“If you look at the map of Saudi Arabia, you will find that it is surrounded on all sides by different musical and lyrical (traditions in) countries,” Abdullah Thabit, a Saudi poet and writer, told Arab News.

“You have Yemen from the south, Iraq and the Levant, Turkey from the north, Gulf countries from the east, and Egypt and Sudan from the west. Regions were influenced by their surrounding regions over centuries.”

It is therefore not immediately clear to the untrained ear what constitutes a definitively Saudi Arabian musical style, distinct from its neighbors, but common across the Kingdom’s provincial boundaries.

Thabit says the modern musical style that can be described as distinctly Saudi Arabian was developed by Tariq Abdel-Hakim, commander-in-chief of the Kingdom’s Army Orchestra in the Saudi Army Band, and the maestro who composed the Saudi national anthem.




In the Hijaz, there is rich musical culture based on song traditions that have more complex melodies than elsewhere in the Kingdom. (SPA)

The contributions of Abdel-Hakim, who died in 2012 at the age of 92, were considered a turning point for music in the Kingdom, as he transferred Saudi music from the aural melody to written musical notation on sound scientific foundations.

“It was his student, Omar Kadras, who tried to mesh between the rhythm and sounds of folklore, giving birth to a new sound in Saudi music,” said Thabit.

“Talal Maddah, a pioneer in Saudi music known as The Earth’s Voice, was the first to sing Al-Mkblahah, or long songs. Mohammed Abdo then contributed to popularizing the new form of music, but you will find that before this new and matured form of music, it was greats such as Hisham Al-Abdali, Hasan Jawah, Abdulrahman Muezzin Platin, who was also a muezzin at the mosque, and more who made it popular.”

In the second half of the last century, the artistic movement expanded and witnessed the emergence of several composers, such as Siraj Omar, Kadars, and many singers, led by Maddah, Muhammad and Abu Bakr Salem, then Abdul Majeed Abdullah, Abadi Al-Jawhar, Rabeh Saqr, Rashid Al-Majed and others.

“Women’s voices also appeared with them, although they are unfortunately very limited, such as Ibtisam Lutfi, Etab, Sarah Qazzaz, and Toha, who were closer to popular singing,” said Thabit.

Today, Saudi music encompasses everything from jazz, hip-hop and rap to techno and rock ’n roll, with many of these genres incorporating aspects of folklore traditions, such as Majed Al-Eisa’s songs “Lifestyle Samry,” “Lehe” and “Hawages.”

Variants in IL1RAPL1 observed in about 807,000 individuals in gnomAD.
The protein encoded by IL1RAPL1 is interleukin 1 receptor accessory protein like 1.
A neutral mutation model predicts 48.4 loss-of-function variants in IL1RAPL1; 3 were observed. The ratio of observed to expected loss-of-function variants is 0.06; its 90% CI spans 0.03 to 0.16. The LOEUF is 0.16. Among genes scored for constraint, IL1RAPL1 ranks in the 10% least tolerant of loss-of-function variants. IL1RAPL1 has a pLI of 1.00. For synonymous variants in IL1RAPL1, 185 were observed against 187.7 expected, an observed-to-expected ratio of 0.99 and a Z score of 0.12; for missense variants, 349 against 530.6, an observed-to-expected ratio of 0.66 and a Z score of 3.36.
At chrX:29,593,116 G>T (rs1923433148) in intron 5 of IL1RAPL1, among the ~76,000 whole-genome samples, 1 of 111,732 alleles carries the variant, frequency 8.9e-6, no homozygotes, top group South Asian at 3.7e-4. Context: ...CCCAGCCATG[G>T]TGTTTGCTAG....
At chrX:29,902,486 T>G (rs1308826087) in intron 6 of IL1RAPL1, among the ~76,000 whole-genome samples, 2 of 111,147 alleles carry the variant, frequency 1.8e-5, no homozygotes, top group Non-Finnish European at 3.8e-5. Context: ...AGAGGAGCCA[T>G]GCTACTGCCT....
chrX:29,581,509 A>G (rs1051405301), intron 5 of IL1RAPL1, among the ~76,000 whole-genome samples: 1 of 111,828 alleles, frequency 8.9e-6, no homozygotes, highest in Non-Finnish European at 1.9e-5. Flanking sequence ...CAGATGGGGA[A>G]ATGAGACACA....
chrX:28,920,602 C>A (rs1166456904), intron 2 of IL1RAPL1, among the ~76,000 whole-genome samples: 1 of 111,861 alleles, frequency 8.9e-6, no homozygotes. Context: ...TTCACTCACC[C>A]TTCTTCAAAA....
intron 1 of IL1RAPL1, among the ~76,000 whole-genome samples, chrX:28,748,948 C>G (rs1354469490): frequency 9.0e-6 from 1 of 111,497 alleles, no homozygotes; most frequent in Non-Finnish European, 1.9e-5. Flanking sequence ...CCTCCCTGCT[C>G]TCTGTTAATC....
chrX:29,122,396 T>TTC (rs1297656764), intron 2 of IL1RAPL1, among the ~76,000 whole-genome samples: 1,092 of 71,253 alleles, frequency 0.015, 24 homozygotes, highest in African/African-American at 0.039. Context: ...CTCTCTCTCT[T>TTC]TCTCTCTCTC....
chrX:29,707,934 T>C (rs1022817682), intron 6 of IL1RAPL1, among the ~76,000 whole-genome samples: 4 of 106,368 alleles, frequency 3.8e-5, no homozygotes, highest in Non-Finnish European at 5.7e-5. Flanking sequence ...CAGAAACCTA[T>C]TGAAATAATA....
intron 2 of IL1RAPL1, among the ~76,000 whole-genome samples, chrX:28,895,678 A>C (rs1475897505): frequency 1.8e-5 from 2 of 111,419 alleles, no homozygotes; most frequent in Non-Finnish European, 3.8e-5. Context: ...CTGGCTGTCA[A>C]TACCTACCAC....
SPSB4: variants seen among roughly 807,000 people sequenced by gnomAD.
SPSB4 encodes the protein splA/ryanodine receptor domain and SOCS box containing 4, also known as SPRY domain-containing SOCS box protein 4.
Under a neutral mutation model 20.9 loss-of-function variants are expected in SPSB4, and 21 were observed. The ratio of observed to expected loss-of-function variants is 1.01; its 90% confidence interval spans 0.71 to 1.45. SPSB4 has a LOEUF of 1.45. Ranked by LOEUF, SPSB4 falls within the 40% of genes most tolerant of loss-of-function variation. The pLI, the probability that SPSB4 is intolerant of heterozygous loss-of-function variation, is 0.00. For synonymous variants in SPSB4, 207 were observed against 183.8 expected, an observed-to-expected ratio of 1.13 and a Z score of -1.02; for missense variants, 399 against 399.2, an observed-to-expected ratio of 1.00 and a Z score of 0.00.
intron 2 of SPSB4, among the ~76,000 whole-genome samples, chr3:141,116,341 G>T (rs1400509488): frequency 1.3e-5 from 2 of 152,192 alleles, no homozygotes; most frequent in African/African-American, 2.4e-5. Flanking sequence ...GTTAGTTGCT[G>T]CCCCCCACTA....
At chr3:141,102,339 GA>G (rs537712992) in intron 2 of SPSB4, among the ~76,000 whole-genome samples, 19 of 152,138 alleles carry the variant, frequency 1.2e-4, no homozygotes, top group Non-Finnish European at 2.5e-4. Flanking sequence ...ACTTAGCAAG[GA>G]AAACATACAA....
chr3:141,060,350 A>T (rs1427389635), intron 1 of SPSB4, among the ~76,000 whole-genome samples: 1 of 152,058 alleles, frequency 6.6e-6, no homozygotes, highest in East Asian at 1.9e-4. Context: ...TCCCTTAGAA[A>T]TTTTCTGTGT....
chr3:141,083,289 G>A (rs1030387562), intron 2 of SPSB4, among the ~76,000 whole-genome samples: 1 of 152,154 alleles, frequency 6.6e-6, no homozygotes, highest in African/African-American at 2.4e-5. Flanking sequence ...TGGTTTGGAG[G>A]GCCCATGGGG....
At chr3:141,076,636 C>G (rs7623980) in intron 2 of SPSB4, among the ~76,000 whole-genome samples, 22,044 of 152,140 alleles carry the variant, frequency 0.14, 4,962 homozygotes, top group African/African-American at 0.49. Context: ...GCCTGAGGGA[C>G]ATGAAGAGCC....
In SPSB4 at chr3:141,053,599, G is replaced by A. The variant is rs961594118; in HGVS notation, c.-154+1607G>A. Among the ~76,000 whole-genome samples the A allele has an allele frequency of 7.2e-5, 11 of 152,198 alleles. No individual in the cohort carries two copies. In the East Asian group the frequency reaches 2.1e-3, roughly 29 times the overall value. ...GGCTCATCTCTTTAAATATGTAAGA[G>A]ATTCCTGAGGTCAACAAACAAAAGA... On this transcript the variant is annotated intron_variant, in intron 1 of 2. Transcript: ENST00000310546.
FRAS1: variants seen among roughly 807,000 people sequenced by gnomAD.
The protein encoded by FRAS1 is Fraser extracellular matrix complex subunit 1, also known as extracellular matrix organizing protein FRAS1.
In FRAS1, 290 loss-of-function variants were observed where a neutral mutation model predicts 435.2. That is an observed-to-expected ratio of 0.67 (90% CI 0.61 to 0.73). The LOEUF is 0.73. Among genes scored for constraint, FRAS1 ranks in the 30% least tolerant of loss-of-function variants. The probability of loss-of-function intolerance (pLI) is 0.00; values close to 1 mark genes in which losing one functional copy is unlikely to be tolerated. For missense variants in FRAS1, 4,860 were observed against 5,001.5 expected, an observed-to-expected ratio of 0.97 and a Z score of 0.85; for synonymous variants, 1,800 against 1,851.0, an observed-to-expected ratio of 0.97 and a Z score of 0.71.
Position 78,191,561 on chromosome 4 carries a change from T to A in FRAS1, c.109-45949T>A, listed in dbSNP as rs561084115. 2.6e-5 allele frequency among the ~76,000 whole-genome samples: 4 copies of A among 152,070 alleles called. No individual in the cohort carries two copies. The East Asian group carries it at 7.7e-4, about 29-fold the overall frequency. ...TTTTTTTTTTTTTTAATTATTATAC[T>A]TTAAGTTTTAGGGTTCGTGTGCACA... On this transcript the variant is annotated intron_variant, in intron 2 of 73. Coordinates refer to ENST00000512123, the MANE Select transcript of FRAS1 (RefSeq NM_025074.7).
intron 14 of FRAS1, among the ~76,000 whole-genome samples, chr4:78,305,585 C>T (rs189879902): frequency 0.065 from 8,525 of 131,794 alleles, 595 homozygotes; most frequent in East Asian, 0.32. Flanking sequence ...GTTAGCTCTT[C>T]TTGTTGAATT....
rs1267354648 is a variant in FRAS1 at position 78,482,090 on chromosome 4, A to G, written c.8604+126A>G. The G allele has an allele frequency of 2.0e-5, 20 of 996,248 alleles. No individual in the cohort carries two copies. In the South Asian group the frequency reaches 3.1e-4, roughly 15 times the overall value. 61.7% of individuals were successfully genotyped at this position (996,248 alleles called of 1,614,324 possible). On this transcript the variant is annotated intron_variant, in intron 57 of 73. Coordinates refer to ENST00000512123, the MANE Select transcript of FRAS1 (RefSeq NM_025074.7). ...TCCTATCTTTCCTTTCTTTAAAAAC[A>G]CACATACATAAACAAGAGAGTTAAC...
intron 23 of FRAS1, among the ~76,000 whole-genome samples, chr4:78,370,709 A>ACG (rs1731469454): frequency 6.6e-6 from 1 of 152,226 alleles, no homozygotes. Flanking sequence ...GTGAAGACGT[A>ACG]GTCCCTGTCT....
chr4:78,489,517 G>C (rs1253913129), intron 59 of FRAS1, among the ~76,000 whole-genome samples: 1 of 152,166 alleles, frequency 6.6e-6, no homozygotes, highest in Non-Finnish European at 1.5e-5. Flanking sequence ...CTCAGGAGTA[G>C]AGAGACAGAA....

It is not immediately clear to the untrained ear what constitutes a definitively Saudi Arabian musical style, distinct from its neighbors, but common across the Kingdom’s provincial boundaries. (SPA)

While these traditions are colorful and lively, Saudi youth are also drawn to foreign music genres. Jara, one of Saudi Arabia’s youngest big-name performing artists, made waves when her rap single “966” was released in 2020, while hip-hop artist Qusai continues to make his mark a decade after his first release.

“Using sounds from the region is simply a way to celebrate my heritage which feeds into the concept of exporting our beautiful culture,” Saud Al-Turki, a Khobar-based record producer, told Arab News.

“As a producer, I never wanted to feel restricted in regards to the sounds that I could tap into. In my opinion, connecting with a global audience is more impactful. The beautiful thing about Saudi sounds is that you can hear the inspiration from different parts of the region depending (on) where you are geographically.”

Before the Kingdom began opening up in 2016 and started to promote creative industries and youth participation, Al-Turki says experimenting with musical styles was not commonplace.

“Back then, there was no support from government entities and big corporations. On the contrary, they did not receive the same acceptance, respect and support that current artists are receiving,” he said.

Today, Saudi Arabia is embracing the diversity of world music and evolving tastes, while never losing sight of its heritage.

“We should never forget where we come from,” said Al-Turki. “Saudi Arabia is historically diverse and there’s nothing more beautiful than a diverse culture. We have different sounds in every region that deserve to be appreciated and showcased.

“It is our duty to highlight and pay homage.”


Diriyah officially opens its gates to the public on December 4

Diriyah officially opens its gates to the public on December 4
Updated 29 November 2022

Diriyah officially opens its gates to the public on December 4

Diriyah officially opens its gates to the public on December 4
  • DGDA Group CEO Jerry Inzerillo told Arab News: “Three hundred years ago, the birthplace of the Kingdom was At-Turaif

RIYADH: Saudi Tourism Minister Ahmed Al-Khateeb inaugurated the UNESCO World Heritage sites At-Turaif and the Bujairi Terrace in Diriyah on Monday.

The DGDA held a special gala dinner for a number of World Travel and Tourism Council delegates who were present in Riyadh for the 22nd WTTC Global Summit.